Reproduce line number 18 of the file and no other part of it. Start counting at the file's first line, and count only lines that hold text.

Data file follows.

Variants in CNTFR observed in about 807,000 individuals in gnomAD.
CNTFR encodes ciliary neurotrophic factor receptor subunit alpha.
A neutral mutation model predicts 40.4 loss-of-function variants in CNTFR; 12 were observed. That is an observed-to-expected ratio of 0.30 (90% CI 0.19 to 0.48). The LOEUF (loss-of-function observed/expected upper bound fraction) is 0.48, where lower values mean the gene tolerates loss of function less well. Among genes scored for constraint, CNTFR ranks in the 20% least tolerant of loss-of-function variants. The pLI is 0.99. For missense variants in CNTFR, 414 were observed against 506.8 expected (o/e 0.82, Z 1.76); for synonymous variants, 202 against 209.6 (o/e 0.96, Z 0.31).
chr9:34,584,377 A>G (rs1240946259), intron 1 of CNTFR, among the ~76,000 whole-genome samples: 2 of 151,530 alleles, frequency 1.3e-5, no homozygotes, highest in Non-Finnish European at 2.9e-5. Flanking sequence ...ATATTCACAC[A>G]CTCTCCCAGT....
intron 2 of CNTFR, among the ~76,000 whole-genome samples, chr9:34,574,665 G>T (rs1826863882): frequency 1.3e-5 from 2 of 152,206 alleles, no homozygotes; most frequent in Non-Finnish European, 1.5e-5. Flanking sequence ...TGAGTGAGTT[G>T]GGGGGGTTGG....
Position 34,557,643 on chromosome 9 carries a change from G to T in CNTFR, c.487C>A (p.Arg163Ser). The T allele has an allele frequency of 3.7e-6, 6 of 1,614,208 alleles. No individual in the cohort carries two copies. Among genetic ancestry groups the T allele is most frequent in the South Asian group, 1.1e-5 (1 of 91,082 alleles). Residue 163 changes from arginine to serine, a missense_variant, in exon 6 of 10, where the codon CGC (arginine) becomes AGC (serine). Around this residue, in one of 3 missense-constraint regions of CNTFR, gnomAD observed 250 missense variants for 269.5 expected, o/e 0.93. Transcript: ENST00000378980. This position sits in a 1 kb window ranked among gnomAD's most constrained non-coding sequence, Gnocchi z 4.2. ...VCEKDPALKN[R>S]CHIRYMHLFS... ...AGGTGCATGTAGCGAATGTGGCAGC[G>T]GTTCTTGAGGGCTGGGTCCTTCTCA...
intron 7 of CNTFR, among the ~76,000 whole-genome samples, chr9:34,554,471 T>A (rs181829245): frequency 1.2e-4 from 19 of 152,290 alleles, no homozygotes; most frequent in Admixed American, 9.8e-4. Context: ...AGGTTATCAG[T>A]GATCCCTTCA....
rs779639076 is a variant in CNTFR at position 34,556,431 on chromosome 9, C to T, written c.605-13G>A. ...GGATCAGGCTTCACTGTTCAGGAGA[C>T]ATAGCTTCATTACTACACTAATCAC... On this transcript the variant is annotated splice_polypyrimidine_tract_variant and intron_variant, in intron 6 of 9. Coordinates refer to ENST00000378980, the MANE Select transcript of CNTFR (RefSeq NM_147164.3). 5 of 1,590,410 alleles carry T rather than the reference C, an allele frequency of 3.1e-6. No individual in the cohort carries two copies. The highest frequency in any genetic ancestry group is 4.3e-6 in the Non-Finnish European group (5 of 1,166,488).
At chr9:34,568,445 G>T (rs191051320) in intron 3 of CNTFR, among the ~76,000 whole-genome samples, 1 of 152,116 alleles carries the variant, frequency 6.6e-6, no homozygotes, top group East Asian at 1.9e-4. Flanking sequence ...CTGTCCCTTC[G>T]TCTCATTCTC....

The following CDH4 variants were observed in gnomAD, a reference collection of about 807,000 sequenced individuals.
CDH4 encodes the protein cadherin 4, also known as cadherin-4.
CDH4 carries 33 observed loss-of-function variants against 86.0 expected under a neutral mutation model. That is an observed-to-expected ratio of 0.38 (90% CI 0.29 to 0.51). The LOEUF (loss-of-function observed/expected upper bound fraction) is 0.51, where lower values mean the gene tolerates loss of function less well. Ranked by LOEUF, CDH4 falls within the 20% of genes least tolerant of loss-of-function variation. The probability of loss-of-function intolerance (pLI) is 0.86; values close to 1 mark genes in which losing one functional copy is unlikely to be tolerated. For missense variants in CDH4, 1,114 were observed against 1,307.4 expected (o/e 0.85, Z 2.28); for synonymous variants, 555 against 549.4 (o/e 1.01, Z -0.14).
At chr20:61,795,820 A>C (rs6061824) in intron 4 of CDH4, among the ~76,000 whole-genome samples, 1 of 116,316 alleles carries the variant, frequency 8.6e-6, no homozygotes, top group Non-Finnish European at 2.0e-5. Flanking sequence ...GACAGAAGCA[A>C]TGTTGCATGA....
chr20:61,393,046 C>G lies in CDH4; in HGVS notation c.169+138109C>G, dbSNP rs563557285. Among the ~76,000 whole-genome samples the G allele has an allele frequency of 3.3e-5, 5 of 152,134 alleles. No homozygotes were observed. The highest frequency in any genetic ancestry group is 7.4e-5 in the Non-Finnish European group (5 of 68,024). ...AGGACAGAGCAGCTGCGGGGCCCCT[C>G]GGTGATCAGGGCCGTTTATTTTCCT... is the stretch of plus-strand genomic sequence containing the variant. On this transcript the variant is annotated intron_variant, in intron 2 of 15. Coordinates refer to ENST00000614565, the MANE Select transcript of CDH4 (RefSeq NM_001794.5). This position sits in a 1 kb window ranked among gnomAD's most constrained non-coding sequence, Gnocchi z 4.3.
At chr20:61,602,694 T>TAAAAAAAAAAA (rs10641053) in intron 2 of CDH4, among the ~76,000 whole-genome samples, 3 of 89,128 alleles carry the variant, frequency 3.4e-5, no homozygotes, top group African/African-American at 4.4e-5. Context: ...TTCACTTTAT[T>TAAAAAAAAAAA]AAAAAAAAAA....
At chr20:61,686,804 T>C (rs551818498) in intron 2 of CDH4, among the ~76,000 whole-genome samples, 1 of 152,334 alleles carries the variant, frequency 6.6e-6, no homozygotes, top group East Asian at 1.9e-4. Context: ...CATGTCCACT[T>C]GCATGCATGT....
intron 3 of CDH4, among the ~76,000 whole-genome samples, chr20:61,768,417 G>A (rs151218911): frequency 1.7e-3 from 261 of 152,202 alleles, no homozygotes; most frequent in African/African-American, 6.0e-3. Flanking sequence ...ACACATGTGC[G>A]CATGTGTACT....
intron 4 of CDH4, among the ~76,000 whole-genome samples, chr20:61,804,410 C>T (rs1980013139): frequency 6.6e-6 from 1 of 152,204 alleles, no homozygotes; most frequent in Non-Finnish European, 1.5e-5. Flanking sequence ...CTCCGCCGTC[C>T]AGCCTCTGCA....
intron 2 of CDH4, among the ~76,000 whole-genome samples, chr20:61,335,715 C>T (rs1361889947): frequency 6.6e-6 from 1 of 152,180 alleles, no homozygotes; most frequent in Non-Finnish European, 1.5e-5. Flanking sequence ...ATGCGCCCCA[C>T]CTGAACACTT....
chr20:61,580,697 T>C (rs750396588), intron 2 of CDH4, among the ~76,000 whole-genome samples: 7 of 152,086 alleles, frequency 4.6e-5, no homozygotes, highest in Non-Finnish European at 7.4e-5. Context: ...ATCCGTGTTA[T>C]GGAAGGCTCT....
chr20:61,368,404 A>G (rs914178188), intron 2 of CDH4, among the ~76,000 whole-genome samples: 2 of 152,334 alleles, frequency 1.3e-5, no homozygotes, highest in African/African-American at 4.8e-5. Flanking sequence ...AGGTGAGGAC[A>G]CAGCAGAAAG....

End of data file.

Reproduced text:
intron 4 of CDH4, among the ~76,000 whole-genome samples, chr20:61,804,410 C>T (rs1980013139): frequency 6.6e-6 from 1 of 152,204 alleles, no homozygotes; most frequent in Non-Finnish European, 1.5e-5. Flanking sequence ...CTCCGCCGTC[C>T]AGCCTCTGCA....